This Very Tree by Sean Rubin

Hello, Sean Rubin! Welcome to Watch. Connect. Read. Thank you for stopping by to discuss This Very Tree, your poignant and hopeful picture book about a Callery pear tree that survived a tragedy. The story is told from the tree’s perspective. Did you always know the tree would tell the story?

Sean Rubin: Hi Mr. Schu! It’s an honor to be here. I think those are great words to describe This Very Tree, so thank you. I did always know the tree would tell the story. That’s partially because Christian Trimmer, my editor, had suggested it, but also because the story was so much about the experience of trauma and recovery, we knew we had to let the tree speak in her own voice.


Please share the significance of the epigraph. I returned to it a few times while reading This Very Tree.

Sean Rubin: EB White is my favorite writer, and the epigraph is from my favorite EB White essay, “Here is New York.” He wrote it in 1949, so planes he’s referring to are Nazi and/or Soviet bombers. After 9/11, people began rereading that essay and it almost seemed like he had anticipated not only what would happen, but even how we would all feel. The quote is truly remarkable for that reason—it hits you right between the eyes.

I’m really happy you returned to it a few times, Mr. Schu. That quote was fundamental to understanding not only how New Yorkers (and others!) feel about the Survivor Tree, but how we feel about our community as well. It provides a sort of emotional context for everything that follows.


What materials did you use to create the illustrations?

Sean Rubin: All the illustrations start life as pencil drawings on sturdy Bristol paper. I scan these drawings into my computer, and then edit and color them using Adobe Photoshop. In the past few years I’ve really enjoyed using Kyle Webster’s pastel and watercolor digital brushes. I paint digitally on a Wacom Cintiq 32. It’s hard to imagine, but I’ve been using a version of this process for nearly 20 years now. The tools have gotten fancier, but in the end, it’s always been: draw, scan, Photoshop!
Please finish the following sentence starters.

I hope This Very Tree creates conversations between kids and their parents, caregivers, teachers, librarians…. Not only about 9/11, but about what it means to be in any place where it’s hard to see hope at the other side. I hope it inspires kids to ask questions, and that it encourages adults to answer candidly about their memories. I hope it reminds readers that however you interpret 9/11, it is a personal tragedy first.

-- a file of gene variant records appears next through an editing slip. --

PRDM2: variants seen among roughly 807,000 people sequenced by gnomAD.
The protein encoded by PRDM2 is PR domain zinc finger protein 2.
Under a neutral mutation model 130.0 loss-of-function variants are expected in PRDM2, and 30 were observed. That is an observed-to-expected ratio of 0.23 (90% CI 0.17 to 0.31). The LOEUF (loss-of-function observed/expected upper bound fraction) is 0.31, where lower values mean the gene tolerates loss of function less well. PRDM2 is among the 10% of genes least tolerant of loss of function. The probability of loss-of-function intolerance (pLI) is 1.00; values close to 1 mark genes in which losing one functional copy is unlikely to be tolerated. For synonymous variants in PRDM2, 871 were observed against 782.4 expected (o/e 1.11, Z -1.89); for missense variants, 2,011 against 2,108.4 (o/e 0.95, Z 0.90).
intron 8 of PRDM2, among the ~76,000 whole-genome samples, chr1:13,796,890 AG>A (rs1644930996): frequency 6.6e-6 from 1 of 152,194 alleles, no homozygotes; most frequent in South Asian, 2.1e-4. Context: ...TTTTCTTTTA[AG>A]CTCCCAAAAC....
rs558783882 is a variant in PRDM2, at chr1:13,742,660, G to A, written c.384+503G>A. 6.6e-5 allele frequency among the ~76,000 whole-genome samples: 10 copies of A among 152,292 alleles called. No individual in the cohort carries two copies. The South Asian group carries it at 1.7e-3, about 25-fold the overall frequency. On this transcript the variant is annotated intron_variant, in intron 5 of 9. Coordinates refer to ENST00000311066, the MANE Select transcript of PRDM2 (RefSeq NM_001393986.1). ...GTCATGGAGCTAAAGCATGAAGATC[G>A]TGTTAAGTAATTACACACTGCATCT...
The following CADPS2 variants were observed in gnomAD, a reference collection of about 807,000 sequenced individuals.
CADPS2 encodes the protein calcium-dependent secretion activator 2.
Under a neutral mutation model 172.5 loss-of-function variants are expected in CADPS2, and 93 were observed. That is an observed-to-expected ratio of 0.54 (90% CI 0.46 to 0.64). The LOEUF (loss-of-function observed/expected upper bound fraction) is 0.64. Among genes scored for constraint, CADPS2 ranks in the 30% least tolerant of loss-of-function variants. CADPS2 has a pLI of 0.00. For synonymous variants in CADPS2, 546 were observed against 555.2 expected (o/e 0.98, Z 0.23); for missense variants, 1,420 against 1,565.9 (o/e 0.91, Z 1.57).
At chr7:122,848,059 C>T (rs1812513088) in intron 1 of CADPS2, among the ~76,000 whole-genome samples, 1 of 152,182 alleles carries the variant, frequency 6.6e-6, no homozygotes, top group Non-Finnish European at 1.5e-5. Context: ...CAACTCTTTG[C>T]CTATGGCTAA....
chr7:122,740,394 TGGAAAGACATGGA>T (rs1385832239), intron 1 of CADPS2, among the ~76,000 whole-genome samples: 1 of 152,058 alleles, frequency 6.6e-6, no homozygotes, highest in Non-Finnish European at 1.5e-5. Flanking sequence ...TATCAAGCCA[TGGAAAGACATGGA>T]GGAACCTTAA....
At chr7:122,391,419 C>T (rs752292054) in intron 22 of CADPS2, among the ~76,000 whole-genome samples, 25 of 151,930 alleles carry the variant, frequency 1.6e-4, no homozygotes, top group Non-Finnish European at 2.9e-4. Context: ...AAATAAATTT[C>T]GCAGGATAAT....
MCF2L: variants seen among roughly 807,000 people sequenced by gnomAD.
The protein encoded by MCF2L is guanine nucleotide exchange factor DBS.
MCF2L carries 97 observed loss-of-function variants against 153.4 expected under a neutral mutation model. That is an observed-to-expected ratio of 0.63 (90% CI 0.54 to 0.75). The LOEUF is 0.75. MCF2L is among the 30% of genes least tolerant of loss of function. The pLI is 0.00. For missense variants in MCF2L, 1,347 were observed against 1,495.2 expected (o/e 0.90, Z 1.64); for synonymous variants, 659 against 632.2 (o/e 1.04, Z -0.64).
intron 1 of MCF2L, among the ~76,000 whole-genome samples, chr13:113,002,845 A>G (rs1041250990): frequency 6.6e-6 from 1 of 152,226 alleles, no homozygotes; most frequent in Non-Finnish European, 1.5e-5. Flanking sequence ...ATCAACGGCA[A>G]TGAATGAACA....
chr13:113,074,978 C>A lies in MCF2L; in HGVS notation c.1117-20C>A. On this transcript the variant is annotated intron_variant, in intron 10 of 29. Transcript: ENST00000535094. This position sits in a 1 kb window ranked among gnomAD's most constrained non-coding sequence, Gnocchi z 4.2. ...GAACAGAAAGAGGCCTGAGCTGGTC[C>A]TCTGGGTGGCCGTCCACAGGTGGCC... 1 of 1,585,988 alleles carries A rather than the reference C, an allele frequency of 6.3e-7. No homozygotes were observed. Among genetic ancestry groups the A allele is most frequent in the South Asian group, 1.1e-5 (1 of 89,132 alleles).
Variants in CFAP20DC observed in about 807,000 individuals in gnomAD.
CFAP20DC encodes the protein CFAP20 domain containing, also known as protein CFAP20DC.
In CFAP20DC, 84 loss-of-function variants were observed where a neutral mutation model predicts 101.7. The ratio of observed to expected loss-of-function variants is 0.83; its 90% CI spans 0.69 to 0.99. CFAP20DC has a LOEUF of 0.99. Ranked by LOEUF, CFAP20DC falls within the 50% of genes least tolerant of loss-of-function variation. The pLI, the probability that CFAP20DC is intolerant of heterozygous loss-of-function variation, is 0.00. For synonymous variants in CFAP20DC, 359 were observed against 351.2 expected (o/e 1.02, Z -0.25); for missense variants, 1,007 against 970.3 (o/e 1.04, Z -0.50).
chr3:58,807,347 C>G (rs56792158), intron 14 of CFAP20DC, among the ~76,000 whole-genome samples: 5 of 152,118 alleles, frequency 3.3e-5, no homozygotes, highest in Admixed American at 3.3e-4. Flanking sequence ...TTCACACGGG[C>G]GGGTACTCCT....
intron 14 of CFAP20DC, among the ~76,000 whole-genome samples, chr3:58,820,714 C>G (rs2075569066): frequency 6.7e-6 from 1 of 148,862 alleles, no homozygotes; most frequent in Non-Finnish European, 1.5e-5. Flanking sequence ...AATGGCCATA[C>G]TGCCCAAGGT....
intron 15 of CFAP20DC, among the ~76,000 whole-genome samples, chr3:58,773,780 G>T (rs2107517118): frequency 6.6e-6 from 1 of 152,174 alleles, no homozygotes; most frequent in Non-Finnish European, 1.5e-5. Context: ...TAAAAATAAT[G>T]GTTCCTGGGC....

Empathy is why we do what we do. One of the privileges of making children’s literature is being a kind of empathy broker. I try to put myself in the shoes of an Apollo astronaut, or a girl living through the Great Depression, or even a tree, and I try to imagine, really imagine, what is feels like to be that character. Sometimes the experience can be startling—to me, anyway. It was really hard to draw one of the later illustrations, when you can see the tree’s scars. I had really grown to empathize with her, and it hurt to see her hurt.

But I try to take that experience and make a book with it, and the book becomes a sort of device to take that feeling or idea that’s in my mind, and heart, and put it in the mind and heart of the reader. So it goes from the character, to me, through the book to the reader. If I’m successful, the book worked. I’m still learning how to do it. I don’t think I’ll ever stop learning.

Mr. Schu, you should have asked me if I included any hidden details in the illustrations. I wanted to convey the passage of time, from around 1970 to 2001, so we see one character grow up before our eyes in the first few spreads. You can always identify him by his orange baseball cap. He even revisits the tree in one of the final images, along with another character that may be familiar to readers of my graphic novel, Bolivar.

Thank you, Sean! Happy book birthday to This Very True


Sean Rubin was born and raised in Brooklyn, New York. He is the illustrator of The Astronaut Who Painted the Moon: The True Story of Alan Bean, The Passover Guest, and the author/illustrator of the Bolivar series. In 2018, he was nominated for an Eisner Award for Bolivar. Sean graduated from Princeton University, where he met his wife, Lucy. They have two sons and live in Charlottesville, Virginia.


Borrow This Very Tree from your school or public library. Whenever possible, please support independent bookshops. 



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